TL;DR DreamHost has a bunch of things they need to work out, from topography to name servers to limiting user resources. For a few extra dollars a month, MediaTemple is a much better host that seems to have figured things out the past couple of years.
I bought my first domain and hosting plan three years ago. It was for a senior capstone project at The University of Toledo. At the time I chose to host the site through MediaTemple, a well-known host with an elegantly modern management console in a sea of cPanel fugly control panels. At the time I thought this was the only thing that distinguished one host from another, aside from price.
Because this is just a hobby of mine I generally get a shared hosting plan. What this means is my site(s) are essentially on a virtual computer that is shared by who knows how many others. You don't have much control over the under the hood stuff. For hosting small blogs like this one, that's no big deal. At MediaTemple this is called Grid-Service.
MediaTemple had a rough year in 2009. By December I had lost connection to my database more times than I wanted to count. Compared to other hosts out there, (mt) was pricy and I started shopping around for an alternative. This is when I found DreamHost. DreamHost is a popular web host that is known for reliability and crazy sales. When I discovered them, they were running a sale that the first year of services was only $10. This is compared to the normal $10 a month DreamHost charges and $20 a month I was paying for (mt). So I left for greener pastures.
For the most part the first year was fine. I had all but stopped writing here, and wouldn't have really known if performance was bad. Last August, a year and half after switching, I started writing again. At first it was at SquareSpace, which doesn't use my host, but in January I returned to my self hosted WordPress install. Like any nerd running a website, I wanted my barebones site to load as fast as possible.
One of the things slowing my site down seemed to be bandwidth. This site doesn't use much bandwidth, but perhaps another user on my shared cluster was overdoing it. If you want to try out a VPS, or virtual private server, it's free for the first week. I flipped the switch to see if this helped. What it did was allow me to troubleshoot the issue that was causing my site to be slow. The database server I originally was given was in a different building than my web server. Not good. After talking with their support team they moved it to the same location and things sped up marginally, but it was still obvious that IO's were a little slow. The VPS helped though, and at $15 extra a month I let it ride for a while. This brought my total monthly bill at DreamHost up to $25. I wasn't ecstatic with the results, but I wasn't unhappy either.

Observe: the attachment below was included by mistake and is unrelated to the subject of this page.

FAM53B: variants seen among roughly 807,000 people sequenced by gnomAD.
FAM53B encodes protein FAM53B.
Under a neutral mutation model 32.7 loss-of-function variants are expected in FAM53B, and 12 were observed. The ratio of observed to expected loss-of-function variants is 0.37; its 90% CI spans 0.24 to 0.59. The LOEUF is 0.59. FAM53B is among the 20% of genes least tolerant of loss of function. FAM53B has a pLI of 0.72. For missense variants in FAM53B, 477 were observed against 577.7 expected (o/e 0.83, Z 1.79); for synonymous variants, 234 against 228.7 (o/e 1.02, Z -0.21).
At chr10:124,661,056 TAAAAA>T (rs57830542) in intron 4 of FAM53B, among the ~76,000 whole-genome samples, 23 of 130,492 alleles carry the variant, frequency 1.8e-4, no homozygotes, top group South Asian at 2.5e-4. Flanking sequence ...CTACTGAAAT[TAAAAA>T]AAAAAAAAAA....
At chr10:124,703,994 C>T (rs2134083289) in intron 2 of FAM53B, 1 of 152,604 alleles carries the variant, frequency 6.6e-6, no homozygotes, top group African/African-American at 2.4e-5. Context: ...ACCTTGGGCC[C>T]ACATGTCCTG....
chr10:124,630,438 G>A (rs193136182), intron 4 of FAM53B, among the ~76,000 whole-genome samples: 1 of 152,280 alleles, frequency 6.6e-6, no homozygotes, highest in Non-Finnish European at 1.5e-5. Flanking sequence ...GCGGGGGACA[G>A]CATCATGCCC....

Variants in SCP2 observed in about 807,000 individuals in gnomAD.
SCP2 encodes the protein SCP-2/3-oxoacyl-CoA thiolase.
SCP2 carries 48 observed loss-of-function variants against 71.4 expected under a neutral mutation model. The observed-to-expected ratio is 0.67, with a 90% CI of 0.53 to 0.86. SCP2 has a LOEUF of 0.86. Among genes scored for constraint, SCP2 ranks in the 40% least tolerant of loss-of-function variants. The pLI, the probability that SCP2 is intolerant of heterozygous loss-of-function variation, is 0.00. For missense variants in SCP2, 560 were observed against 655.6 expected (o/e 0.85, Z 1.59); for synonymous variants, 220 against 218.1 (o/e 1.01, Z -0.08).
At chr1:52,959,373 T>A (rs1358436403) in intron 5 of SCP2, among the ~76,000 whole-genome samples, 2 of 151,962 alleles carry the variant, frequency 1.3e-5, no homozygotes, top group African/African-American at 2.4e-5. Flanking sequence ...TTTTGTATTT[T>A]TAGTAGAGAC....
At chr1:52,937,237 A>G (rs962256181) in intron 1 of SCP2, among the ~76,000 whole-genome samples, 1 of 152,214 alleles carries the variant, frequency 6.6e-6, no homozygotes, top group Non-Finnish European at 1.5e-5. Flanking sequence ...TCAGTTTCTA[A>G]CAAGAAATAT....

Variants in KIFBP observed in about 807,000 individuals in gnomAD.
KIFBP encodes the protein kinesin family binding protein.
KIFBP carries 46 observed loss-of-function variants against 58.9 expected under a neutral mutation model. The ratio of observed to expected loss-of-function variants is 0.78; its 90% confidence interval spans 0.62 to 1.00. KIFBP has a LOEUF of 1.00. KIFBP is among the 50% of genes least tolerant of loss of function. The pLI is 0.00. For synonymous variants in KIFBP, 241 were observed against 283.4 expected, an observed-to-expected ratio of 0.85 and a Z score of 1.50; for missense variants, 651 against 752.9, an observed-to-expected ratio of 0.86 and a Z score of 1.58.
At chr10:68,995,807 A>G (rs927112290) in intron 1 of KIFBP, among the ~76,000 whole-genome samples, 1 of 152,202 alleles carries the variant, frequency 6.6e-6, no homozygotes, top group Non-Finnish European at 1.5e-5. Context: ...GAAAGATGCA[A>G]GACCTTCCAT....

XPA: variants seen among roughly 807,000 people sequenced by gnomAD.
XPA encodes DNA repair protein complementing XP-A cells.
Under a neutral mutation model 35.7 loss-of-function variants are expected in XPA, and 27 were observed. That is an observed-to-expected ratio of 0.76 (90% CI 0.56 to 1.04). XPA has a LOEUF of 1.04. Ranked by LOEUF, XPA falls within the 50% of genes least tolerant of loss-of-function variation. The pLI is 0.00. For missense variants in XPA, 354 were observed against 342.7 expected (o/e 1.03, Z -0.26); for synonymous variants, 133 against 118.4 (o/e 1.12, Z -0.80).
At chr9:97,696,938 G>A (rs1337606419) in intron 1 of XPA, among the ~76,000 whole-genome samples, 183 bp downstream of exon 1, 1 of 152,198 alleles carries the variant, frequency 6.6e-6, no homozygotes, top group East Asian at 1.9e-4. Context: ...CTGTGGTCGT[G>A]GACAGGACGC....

On April 1st DreamHost announced a partnership with CloudFlare, brining the service to my attention. CloudFlare is a service that sits in between your site and the world-wide web, pushing the content quicker across the globe and protecting it from spammers and hackers. I signed up for the free plan (why it was free I don't know) and gave it a try. What I noticed bothered me.
My site was loading quick, once it connected. The connection time took up to six seconds, longer than it should. This seemed to be caused by DreamHosts name servers. To summarize, a name server points to the place where your site really lives on the web. When you enter in www.mlapida.com it points to an IP address where my content resides. This should be near instant, but it wasn't. It was taking up to six seconds. CloudFlare can't speed up a site that it can't find for six second.
Before outright switching, I looked to see if I could use someone else's name server. Amazon has a service called Rout 53 that uses their name servers to propagate your DNS all around the world for ultra fast name resolution. DreamHost doesn't make it very easy to use a service like this though. Even if they did throw you a bone setting it up, a little site like this shouldn't need a global name server to rout requests. The "stock" option, so to speak, should work just fine. Paying a few dollars to Amazon each month for this service would be silly, and this silly stuff was beginning to add up.
Anyway, I started thinking the best bet was to move hosts. In January DreamHost was hacked and forced all users to reset their passwords. This means they don't properly encrypt users password data and this just added to the negatives list. I know my little site doesn't demand a whole lot of security, but it's a piece of mind thing, and if they weren't salting the passwords, what other security faux pas were there waiting to get exploited?
So Yesterday I signed back up for MediaTemple. I had a 20% off coupon code that made it easier to swallow and began moving everything over. Instantly I notice improved name resolution times, and database IO time was exponentially better. All in all, less than 24 hours later, I think I made a good move. I think DreamHost, with its cheap plans, unlimited everything and clunky interface, has outgrown its britches. A host is like a bank. No one really likes moving banks, but when the negatives of your current institution outweigh the positives, you do what you have to do.